Jesse Washington

WASHINGTON: They came to honor Dr. Martin Luther King’s dream, a tapestry of humanity with all shades of skin and from all walks of life. Yet there was something missing from the Lincoln Memorial this week: Republicans.

Fifty years ago, Democrats and Republicans stood shoulder to shoulder, demanding equal rights for blacks. But during the past week of commemorations of this formative American moment, the two parties barely interacted, each organizing its own events and delivering its own interpretations of King’s dream.

Call it political segregation.

“No one even thought you should put a fig leaf over it,” said Mary Frances Berry, a University of Pennsylvania history professor and former chairwoman of the U.S. Commission on Civil Rights.

“It’s so obvious that it’s partisan,” Berry said. “I’m not sure that’s good politics or the way to get anything done.”

How did this happen? And how will it affect the effort to solve America’s remaining racial challenges?

As the anniversary ceremonies unfolded, both sides said more unity is needed to fully realize King’s dream — yet they showed few signs of wavering from positions that have been forged from decades of political warfare.

And today’s challenges — disproportionately high black poverty, unemployment, and education gaps — are more slippery than those of 1963, when the simple cry for equal rights drew support from both parties.

Robert J. Brown, who worked with King in the civil rights movement and then served as an aide to President Richard Nixon, said the 1963 March on Washington was “totally open. I was there in the middle of it. You had Democrats, Republicans, whites, blacks.”

Today, “nobody wants to compromise anymore. They feel like their way is the only way,” Brown says. “Well, I got news for you. In the history that thank God I have been somewhat a part of, that I came through, it was about compromise.”

Separate events

The two biggest commemoration events were a march Aug. 24 and the ceremony Wednesday, during which President Barack Obama spoke from the same spot as King did precisely 50 years before.

Both were organized by a coalition of black advocacy groups closely tied to the Democratic Party, such as The Martin Luther King Jr. Center for Nonviolent Social Change, which is run by King’s children; the NAACP; the National Urban League; and Rev. Al Sharpton’s National Action Network.

The King Center invited both former President Bushes and all the Republican Congressional leaders to speak Wednesday. The elder Bush is too infirm to travel; his son declined due to a recent heart procedure but sent a statement of support. Other invited Republicans also declined, citing prior engagements.

Congress was in recess last week; it held a bipartisan ceremony in July.

On Monday, the Republican National Committee held a commemorative luncheon that focused on attracting more minority voters to the GOP. Representatives from the NAACP and Urban League attended, but no Democrats were featured as speakers.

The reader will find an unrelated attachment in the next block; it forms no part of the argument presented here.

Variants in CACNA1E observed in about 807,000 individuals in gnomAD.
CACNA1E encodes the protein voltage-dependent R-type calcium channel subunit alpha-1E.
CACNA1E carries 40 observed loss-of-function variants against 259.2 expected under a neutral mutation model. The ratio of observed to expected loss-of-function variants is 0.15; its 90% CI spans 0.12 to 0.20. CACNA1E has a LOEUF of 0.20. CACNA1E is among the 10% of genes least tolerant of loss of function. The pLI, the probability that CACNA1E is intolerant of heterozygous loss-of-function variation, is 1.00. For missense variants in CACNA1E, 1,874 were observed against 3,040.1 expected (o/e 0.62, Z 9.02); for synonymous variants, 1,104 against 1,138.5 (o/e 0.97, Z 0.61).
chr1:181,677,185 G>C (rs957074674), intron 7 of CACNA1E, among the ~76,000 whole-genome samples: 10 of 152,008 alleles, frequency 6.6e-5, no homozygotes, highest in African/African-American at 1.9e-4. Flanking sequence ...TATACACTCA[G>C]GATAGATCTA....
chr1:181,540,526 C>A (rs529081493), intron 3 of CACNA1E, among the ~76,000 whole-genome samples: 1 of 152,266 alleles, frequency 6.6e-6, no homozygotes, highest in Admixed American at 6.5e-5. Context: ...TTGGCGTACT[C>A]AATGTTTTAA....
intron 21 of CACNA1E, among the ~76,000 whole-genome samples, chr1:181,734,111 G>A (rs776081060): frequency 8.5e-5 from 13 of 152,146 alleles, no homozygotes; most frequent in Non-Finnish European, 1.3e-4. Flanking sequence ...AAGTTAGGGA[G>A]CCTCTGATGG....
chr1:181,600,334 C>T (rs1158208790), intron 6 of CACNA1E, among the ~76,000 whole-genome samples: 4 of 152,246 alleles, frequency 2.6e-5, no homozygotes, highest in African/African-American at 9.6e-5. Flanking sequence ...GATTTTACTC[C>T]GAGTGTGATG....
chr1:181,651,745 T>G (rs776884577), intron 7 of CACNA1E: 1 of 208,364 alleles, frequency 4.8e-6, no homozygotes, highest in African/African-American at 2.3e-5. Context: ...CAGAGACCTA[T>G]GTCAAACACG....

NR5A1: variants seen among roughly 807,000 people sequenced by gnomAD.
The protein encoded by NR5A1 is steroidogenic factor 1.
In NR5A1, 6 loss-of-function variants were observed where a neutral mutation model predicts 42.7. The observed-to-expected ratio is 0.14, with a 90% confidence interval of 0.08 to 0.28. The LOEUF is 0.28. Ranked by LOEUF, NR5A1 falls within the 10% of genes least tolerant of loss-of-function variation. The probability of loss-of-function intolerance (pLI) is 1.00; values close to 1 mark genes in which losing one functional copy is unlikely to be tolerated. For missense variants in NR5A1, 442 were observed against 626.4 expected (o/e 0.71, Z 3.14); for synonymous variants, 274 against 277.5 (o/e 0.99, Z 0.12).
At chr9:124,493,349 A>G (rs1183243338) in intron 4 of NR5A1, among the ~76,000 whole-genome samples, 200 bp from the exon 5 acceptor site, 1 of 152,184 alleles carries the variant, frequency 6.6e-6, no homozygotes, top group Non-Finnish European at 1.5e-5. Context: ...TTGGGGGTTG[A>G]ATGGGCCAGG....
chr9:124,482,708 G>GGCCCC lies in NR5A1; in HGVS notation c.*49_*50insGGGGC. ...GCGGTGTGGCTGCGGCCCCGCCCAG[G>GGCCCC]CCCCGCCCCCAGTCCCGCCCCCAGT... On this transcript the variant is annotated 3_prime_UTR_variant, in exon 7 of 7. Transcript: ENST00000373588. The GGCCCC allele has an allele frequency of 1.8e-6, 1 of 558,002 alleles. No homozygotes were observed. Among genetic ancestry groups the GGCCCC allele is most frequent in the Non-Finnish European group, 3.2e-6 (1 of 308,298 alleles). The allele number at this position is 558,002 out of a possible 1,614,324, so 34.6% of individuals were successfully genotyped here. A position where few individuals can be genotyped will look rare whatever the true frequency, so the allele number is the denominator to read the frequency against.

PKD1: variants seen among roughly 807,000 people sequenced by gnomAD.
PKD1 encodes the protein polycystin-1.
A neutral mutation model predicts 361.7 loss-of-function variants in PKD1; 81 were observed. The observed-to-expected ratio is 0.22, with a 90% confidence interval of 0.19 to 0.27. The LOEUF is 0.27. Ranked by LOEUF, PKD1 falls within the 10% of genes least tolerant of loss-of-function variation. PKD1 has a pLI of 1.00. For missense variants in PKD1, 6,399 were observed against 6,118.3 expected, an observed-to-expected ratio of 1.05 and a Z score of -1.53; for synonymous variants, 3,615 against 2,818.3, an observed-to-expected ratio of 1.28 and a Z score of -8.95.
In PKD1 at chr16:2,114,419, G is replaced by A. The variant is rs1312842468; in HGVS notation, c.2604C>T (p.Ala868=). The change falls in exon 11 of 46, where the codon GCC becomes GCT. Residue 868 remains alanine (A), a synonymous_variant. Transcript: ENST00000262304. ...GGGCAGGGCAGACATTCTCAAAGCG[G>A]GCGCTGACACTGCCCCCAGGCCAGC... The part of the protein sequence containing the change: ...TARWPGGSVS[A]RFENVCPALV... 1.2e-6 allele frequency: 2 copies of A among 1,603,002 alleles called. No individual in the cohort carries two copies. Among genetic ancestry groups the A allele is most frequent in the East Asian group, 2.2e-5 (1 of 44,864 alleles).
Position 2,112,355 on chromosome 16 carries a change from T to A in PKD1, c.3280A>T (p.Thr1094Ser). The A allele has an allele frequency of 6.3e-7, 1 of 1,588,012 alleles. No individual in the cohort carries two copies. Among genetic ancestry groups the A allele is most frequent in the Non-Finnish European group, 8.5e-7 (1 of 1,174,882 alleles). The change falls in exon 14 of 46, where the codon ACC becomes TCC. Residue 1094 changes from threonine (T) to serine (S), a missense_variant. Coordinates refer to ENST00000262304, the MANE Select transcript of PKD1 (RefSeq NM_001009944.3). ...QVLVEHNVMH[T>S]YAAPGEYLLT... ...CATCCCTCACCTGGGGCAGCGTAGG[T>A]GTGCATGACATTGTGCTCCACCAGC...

Raynard Jackson, a black Republican who helped organize the GOP event, said Democrats were using the occasion to foster high black and Hispanic turnout in the 2014 elections.

“They will instill and incite fear in the black and Hispanic community, use the march as a platform to talk about white folks, racism and Republicans,” he predicted before Wednesday’s event.

Still fighting

Few, if any, of the Wednesday speakers mentioned the Republican Party by name. But the atmosphere was thick with politics, and the word “fight” was uttered just as much as “dream.”

Speaker after speaker urged battle against voter identification laws that disproportionately prevent black people from voting, the recent Supreme Court decision to neuter key provisions of the Voting Rights Act, and policies such as “stop and frisk” and “stand your ground.”

Who supports these policies? Republicans.

From the podium Wednesday, Sharpton said that King fought and defeated Jim Crow segregation, and now “we come as the children of Dr. King to say we are going to face Jim Crow’s children.”

“Jim Crow had a son called James Crow Jr. Esq. He writes voting suppression laws and puts it in language that looks different but the results are the same,” Sharpton said.

He concluded by saying: “We gon’ keep on fighting until the dream is a reality.”

In an interview, Sharpton said Republicans may have been reluctant to be associated with the advocacy leaders, union presidents and Democratic politicians featured in the ceremonies.

“They have become so intimidated by the tea party and far right wing, they fear to even be seen with some of us,” he said.

On the other hand, event organizers might have been reluctant to include conservative speakers who believe King’s dream is already a reality and his fight has been won, said Charlton McIlwain, a New York University professor and author of Race Appeal: How Candidates Invoke Race in U.S. Political Campaigns.